The Republican governor used his line-item veto pen just once. He did not touch language added by lawmakers to cement his assurances to northern Ohio that the vast majority of their toll dollars will remain in that region of the state and that tolls would be frozen in place for local commuters.
There are no such legal assurances for other turnpike drivers, however. The Kasich administration has called for holding future toll increases for them at the annual rate of inflation, but that did not make the letter of the law amid concerns that those holding the new debt would frown on restrictions on the turnpike’s ability to raise revenue.
A newly named and expanded Ohio Turnpike and Infrastructure Commission has already begun the process that will lead to the borrowing of $1.5 billion on top of the roughly $500 million it now carries. When matching federal and local dollars are factored in, the plan is expected to generate $3 billion in additional highway lanes.
The plan is designed to jump start construction of new interchanges, replaced bridges, and other road projects that might otherwise have to wait their turn for decades to be funded through normal highway funding sources, primarily gas tax revenue and federal dollars.
Among the non-turnpike projects expected to get a boost in northwest Ohio are a rebuild of the interchange of I-475 and I-75, upgrades to the I-475 junction with U.S. 23 in Sylvania Township and the nearby Central Avenue interchange.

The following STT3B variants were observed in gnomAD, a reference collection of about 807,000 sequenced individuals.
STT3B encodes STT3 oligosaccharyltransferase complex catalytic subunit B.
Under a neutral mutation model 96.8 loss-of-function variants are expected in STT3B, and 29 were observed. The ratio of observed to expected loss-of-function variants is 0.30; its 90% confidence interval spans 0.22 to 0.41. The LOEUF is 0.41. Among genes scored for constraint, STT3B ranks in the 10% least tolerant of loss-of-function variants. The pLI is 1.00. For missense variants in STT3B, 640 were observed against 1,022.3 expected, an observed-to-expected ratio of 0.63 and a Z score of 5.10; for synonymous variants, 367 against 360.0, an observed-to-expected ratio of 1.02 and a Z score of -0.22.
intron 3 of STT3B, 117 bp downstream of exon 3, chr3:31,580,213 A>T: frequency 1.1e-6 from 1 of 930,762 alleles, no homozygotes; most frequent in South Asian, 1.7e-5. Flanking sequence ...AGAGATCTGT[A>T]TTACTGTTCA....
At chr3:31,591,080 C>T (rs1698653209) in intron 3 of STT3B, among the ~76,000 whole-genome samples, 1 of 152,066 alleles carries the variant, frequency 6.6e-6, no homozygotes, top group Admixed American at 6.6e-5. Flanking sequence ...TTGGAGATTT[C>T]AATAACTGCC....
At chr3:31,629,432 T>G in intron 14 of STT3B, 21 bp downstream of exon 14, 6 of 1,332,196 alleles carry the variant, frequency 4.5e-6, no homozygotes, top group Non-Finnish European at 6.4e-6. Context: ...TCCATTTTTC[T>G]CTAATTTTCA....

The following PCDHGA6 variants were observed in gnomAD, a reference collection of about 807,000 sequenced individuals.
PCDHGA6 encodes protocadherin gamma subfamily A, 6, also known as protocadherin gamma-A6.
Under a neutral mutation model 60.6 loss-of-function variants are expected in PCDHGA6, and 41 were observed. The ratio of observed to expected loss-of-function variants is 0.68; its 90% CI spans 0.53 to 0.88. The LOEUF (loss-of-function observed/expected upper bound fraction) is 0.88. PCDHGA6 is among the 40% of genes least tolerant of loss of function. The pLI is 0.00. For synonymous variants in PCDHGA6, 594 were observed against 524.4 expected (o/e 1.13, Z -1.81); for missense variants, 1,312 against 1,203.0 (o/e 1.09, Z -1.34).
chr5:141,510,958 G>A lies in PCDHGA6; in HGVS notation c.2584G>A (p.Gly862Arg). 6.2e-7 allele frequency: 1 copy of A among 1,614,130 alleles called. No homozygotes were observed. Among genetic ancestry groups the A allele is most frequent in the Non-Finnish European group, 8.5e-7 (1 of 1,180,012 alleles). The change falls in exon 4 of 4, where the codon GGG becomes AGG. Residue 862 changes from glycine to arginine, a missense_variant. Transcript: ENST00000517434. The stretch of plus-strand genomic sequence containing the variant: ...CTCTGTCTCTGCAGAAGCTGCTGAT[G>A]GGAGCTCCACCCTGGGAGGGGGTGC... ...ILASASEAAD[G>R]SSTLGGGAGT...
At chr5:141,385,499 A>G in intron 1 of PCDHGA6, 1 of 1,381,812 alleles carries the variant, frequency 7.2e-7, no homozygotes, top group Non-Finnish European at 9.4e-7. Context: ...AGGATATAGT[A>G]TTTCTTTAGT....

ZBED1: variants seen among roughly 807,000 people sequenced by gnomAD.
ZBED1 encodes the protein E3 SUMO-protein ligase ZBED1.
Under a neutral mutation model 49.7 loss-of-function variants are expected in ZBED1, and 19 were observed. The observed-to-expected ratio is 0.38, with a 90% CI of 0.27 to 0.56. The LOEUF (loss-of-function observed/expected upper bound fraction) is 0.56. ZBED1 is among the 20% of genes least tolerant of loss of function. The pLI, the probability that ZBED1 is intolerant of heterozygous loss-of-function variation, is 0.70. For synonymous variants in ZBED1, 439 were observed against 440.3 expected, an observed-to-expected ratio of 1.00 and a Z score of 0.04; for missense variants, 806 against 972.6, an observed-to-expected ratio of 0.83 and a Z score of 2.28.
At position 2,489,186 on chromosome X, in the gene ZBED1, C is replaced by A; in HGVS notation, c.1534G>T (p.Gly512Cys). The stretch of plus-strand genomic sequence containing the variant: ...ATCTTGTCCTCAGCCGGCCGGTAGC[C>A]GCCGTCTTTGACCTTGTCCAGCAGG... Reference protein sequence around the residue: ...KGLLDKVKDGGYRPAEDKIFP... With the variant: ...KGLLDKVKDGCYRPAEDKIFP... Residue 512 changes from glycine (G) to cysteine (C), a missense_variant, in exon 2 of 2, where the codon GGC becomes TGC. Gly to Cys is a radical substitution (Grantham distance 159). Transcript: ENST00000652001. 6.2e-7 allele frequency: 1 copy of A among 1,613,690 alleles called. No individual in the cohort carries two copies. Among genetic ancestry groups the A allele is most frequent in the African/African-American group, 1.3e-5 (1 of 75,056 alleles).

Nearly four decades after the speed limit was lowered nationally, Ohio’s limit will be raised from 65 mph to 70 mph on rural interstates effective July 1. The Ohio Department of Transportation will decide which roads will be classified as non-urban and eligible for the higher maximum limit.
The limit would remain at 65 mph on urban outer beltways, and ODOT would have the power to raise the limit to 60 mph on some non-urban two-lane highways. The turnpike is already at 70 mph.
Support and opposition crossed both party and geographic lines in the General Assembly. Some Republicans broke with their party to oppose the bill, particularly some in northern Ohio who worried the region would be double-taxed, paying both tolls and gas taxes, to rebuild other parts of the state.
Rep. Michael Ashford (D., Toledo) broke with fellow Democrats who support the bill. Once a provision was removed from the bill that would have increased weight limits for trucks from 80,000 to 90,000 pounds, he decided to embrace the 65,000 jobs that the Kasich administration estimated could be created by jump starting road projects.
“I’m not completely satisfied (with the 90 percent promise), but sometimes you have to move forward for the betterment of the constituents we serve,” he said. “I hope the governor keeps his word as far as putting 90 percent into our area, but that’s secondary.
“The primary reason for me is, based on the dollars in this bill, people will go back to work,:” Mr. Ashford said. “If the governor doesn’t deliver 90 percent of the money back into this area, he has to be responsible for his actions. I can’t hold him accountable for something he hasn’t done yet.”